Annual Reviews (AR) recently announced that over the next 18 months it aims to make its entire portfolio of 51 academic journals freely available under a new journal publication model known as Subscribe to Open (S2O).
Annual Reviews is a pioneer of S2O, having first trialled it in 2017 with its journal Annual Review of Public Health. A number of AR’s other journals have subsequently been converted to S2O and the publisher is now hoping to migrate its entire journal portfolio to the new model.
What is S2O? The S2O Community of Practice web site describes it in this way:
“S2O allows publishers to convert journals from subscriptions to OA, one year at a time. Using S2O, a publisher offers a journal’s current subscribers continued access. If all current subscribers participate in the S2O offer (simply by not opting out) the publisher opens the content covered by that year’s subscription. If participation is not sufficient – for example, if some subscribers delay renewing in the expectation that they can gain access without participating – then that year’s content remains gated.”
The web site adds, “The offer is repeated every year, with the opening of each year’s content contingent on sufficient participation. In some cases, access to backfile content may be used to enhance the offer.”
In light of AR’s announcement, I emailed a number of questions to the President & Editor-in-Chief of AR, Richard Gallagher. Those questions, and Gallagher’s replies, are published below.
The Q&A begins
RP: Annual Reviews (AR) is the pioneer of Subscribe to Open (S2O). It began, in 2017, with a pilot funded by the Robert Wood Johnson Foundation in which the Annual Review of Public Health journal was made open access, including all the backfiles from 1980-2016. Further AR journals were later released under the S2O model and Annual Reviews has announced that over the next 18 months it hopes to migrate all 51 of its journals to S2O.
Can you talk me through the journey AR has undergone, what has been learned, and why it now wants to convert all its journals to S2O?
RG: When I joined Annual Reviews in 2015, review articles didn’t figure on the to-do list of the OA movement. A senior figure at one OA-pioneering research funding agency told me that he regarded writing review articles to be an out-of-hours activity that did not qualify for APC support.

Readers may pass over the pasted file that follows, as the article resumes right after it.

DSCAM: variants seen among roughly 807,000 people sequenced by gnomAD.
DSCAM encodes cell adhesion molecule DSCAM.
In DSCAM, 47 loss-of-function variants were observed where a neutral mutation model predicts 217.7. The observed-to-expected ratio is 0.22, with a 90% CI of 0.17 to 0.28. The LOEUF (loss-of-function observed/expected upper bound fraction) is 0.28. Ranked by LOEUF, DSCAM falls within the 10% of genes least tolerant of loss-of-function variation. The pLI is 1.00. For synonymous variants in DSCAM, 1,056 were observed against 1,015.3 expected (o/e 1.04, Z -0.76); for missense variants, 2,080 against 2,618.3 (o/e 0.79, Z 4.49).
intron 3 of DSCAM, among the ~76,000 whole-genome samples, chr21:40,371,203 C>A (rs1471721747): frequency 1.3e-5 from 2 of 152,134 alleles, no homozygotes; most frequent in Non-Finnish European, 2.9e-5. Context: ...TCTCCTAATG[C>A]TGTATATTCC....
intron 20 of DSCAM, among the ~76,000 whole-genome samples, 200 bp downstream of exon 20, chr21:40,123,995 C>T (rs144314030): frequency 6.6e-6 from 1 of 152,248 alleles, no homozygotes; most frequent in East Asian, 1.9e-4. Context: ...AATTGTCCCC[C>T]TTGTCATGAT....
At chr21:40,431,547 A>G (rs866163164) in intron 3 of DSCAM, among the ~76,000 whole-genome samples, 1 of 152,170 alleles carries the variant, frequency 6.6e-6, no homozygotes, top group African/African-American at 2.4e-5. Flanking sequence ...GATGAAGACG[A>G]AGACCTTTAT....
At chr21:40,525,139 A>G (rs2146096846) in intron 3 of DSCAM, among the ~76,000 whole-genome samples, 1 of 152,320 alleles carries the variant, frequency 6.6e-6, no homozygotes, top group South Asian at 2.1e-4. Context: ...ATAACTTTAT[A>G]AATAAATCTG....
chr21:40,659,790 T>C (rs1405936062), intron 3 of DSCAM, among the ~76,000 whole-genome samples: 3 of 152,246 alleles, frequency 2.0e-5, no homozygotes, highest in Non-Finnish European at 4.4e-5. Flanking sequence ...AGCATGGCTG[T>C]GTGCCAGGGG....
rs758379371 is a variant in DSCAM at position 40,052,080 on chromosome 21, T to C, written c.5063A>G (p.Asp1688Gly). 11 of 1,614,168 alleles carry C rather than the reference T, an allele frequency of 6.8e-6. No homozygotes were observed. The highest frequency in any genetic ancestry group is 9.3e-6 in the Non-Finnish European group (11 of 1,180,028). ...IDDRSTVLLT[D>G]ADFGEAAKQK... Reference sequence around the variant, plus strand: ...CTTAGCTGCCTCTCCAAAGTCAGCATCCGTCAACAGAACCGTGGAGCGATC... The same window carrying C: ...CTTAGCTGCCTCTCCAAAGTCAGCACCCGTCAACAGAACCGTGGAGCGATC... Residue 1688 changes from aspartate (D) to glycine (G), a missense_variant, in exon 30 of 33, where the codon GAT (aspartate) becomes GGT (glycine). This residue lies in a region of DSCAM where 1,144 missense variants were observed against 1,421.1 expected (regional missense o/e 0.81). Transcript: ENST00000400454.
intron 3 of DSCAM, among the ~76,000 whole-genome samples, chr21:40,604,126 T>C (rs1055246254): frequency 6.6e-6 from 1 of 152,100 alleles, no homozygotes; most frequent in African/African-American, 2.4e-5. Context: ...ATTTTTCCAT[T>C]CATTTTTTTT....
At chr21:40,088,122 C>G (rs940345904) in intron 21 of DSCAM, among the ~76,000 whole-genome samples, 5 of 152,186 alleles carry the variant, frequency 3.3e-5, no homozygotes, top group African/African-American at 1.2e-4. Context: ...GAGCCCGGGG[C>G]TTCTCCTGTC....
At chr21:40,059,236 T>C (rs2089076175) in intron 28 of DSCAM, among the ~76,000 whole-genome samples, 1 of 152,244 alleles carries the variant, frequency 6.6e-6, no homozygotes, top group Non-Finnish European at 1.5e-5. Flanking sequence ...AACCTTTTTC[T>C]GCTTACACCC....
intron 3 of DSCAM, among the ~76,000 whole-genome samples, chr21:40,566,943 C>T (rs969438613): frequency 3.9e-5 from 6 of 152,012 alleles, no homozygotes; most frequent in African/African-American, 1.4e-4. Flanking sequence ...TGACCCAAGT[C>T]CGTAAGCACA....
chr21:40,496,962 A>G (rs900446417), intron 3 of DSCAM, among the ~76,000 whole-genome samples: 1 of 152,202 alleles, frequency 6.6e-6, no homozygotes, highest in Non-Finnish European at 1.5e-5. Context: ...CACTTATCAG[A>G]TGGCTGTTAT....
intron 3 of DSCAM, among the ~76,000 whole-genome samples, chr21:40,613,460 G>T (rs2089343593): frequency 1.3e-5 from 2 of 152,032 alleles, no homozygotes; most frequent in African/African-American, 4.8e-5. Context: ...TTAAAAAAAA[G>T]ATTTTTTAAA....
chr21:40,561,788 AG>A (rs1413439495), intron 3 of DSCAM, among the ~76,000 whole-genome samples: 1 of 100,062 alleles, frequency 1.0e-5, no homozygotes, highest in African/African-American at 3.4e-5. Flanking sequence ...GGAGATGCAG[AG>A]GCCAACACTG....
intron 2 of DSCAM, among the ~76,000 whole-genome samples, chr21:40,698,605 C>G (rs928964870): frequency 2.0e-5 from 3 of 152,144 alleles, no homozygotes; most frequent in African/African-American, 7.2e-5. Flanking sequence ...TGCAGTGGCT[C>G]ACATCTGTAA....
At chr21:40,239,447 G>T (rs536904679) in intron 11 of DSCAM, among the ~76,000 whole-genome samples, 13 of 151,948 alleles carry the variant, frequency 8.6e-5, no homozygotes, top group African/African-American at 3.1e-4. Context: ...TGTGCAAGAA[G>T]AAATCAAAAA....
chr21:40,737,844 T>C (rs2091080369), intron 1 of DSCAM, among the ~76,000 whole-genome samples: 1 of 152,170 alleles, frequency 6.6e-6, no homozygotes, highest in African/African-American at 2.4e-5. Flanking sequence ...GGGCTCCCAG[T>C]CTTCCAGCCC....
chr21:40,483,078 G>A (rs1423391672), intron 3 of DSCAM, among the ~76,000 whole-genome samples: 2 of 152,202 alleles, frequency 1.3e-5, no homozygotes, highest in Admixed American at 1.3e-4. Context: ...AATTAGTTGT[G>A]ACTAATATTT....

The lack of recognition of reviews was understandable given the relatively small numbers published each year, but it was also frustrating because I felt that, from a practical point of view, reviews should be among the top priorities for open access.
“Usage increased in that one year by a factor of 4, and these were readers, not bots”
Our big break came with the 2017 Robert Wood Johnson Foundation grant that you mentioned. It had two components: to cover the cost of the Annual Review of Public Health for one year, allowing us to assess the impact of removing the paywall; and to fund the development of a viable OA model for reviews, since APCs and Read and Publish couldn’t be adapted to our needs.
Usage increased in that one year by a factor of 4, and these were readers, not bots. We assessed how far through articles users were scrolling and there was no difference between the open journal and our most similar paywalled journals; if bots had had an impact, the scroll patterns would have been different.
To help develop a business model we hired Raym Crow as a consultant at the suggestion of Kamran Naim, my co-grantee and then Annual Reviews’ Director of Partnerships and Initiatives. Raym had a track record in collective funding logic, and in the very first meeting with him I realized that he was laying out a practical approach that we could try. That was in June 2017.
It took time to generate a proposal that seemed robust enough to take to our Board, Editorial Committees, select customers (and our staff!) but for the 2020 sales cycle (i.e., by mid-2019), we were ready for an S2O pilot project.
In addition to the Annual Review of Public Health (which had remained freely accessible in the meantime), a mix of established and newer titles in the physical, biomedical, biological and social sciences were selected.
We discussed the project openly, outlined our thinking in Learned Publishing and opted not to copyright the Subscribe to Open name in the hope that others pursuing similar programs would also use it.
Subscription levels were maintained for the five S2O journals in 2020 and this, combined with usage that ranged between double and quadruple that seen when the journals were paywalled, encouraged us to expand the pilot program to eight journals for 2021 and 2022.
To date, we have results from offering 15 volumes of Annual Reviews journals under S2O, and all have been successful (five in 2020, eight in 2021, and both of the 2023 volumes published so far; the remaining six are on track).
It’s promising but it isn’t a full proof-of-concept because most of our customers take multi-journal packages, and it would not have been in their financial interests to exclude the S2O titles.
Nonetheless, I believe that now is the right time to offer the entire Annual Reviews portfolio under S2O. This is partly because of an action taken in the early stages of the Covid-19 pandemic.
In March 2020, we temporarily removed the paywall on all 51 journals to ensure that subscribers would have seamless access, and usage increased by a minimum of three-fold and a maximum (for the Annual Review of Virology) of more than 20-fold. That experience generated urgency to move forward.
Whether all 51 titles are published OA in 2023 is, of course, in the hands of the customers. We are taking nothing for granted.